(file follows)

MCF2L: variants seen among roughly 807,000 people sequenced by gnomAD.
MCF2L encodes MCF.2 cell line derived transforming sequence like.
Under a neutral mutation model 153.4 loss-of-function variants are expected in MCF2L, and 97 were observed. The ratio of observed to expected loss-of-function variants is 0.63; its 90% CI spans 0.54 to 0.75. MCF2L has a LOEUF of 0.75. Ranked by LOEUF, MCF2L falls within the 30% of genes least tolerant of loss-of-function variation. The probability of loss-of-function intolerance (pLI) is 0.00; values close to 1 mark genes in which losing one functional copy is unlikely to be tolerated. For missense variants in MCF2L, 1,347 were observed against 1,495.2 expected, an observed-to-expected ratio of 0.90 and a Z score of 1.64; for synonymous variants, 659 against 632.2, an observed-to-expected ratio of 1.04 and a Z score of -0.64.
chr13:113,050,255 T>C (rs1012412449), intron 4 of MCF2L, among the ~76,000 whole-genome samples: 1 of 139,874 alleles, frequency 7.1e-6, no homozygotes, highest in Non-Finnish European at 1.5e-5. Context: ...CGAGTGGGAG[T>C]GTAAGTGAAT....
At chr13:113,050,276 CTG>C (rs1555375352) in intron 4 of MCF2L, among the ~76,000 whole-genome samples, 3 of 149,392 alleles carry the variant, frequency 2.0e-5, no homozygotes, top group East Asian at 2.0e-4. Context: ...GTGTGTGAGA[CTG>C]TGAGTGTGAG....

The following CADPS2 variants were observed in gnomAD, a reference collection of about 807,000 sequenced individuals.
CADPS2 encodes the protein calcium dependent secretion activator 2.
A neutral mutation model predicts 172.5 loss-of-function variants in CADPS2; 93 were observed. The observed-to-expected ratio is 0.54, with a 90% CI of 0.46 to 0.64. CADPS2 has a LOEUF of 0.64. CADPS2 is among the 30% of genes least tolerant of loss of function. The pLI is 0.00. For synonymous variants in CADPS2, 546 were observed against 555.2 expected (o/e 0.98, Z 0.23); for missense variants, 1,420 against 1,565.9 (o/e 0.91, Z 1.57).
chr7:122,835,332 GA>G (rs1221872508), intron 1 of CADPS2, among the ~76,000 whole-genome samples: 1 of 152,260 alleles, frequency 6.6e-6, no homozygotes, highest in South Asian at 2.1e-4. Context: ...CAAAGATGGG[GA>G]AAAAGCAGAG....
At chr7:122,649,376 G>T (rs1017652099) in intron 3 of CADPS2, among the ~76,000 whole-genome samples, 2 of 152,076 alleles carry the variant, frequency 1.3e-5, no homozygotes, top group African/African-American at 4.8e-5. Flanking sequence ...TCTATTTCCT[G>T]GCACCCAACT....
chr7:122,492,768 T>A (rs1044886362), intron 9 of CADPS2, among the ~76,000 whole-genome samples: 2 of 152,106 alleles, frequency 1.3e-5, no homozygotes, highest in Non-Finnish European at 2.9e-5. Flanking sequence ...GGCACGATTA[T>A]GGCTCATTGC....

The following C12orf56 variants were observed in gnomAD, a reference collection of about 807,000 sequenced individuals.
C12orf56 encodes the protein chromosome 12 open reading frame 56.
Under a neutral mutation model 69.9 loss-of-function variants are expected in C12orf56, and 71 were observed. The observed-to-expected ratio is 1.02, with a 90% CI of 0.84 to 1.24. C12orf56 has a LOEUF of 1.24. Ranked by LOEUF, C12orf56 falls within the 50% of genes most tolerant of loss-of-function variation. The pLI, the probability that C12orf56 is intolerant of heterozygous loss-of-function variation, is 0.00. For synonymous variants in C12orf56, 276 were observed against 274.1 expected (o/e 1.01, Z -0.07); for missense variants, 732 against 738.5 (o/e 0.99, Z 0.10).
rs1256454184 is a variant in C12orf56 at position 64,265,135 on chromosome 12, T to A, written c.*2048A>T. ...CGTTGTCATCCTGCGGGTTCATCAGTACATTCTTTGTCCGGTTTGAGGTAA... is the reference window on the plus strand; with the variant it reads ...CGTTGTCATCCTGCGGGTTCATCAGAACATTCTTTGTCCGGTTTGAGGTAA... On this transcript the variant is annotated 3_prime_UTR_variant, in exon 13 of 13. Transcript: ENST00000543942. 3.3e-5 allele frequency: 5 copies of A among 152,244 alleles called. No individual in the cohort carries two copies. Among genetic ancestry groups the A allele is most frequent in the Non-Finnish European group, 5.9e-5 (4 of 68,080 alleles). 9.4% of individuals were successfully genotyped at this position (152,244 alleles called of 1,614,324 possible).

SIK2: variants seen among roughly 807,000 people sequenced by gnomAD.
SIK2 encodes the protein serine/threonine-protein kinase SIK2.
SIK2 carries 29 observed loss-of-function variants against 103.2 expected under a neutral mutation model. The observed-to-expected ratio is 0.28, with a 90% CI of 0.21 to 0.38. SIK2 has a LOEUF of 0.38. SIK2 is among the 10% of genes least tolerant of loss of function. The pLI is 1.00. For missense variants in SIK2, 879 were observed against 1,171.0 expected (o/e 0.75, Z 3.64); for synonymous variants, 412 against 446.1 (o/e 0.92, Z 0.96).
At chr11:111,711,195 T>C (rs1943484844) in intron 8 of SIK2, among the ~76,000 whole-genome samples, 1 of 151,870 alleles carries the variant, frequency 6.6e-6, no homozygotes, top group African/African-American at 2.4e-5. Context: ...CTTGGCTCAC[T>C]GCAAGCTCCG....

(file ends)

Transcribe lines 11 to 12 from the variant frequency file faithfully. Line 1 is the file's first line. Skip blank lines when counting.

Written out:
chr7:122,492,768 T>A (rs1044886362), intron 9 of CADPS2, among the ~76,000 whole-genome samples: 2 of 152,106 alleles, frequency 1.3e-5, no homozygotes, highest in Non-Finnish European at 2.9e-5. Flanking sequence ...GGCACGATTA[T>A]GGCTCATTGC....

The following C12orf56 variants were observed in gnomAD, a reference collection of about 807,000 sequenced individuals.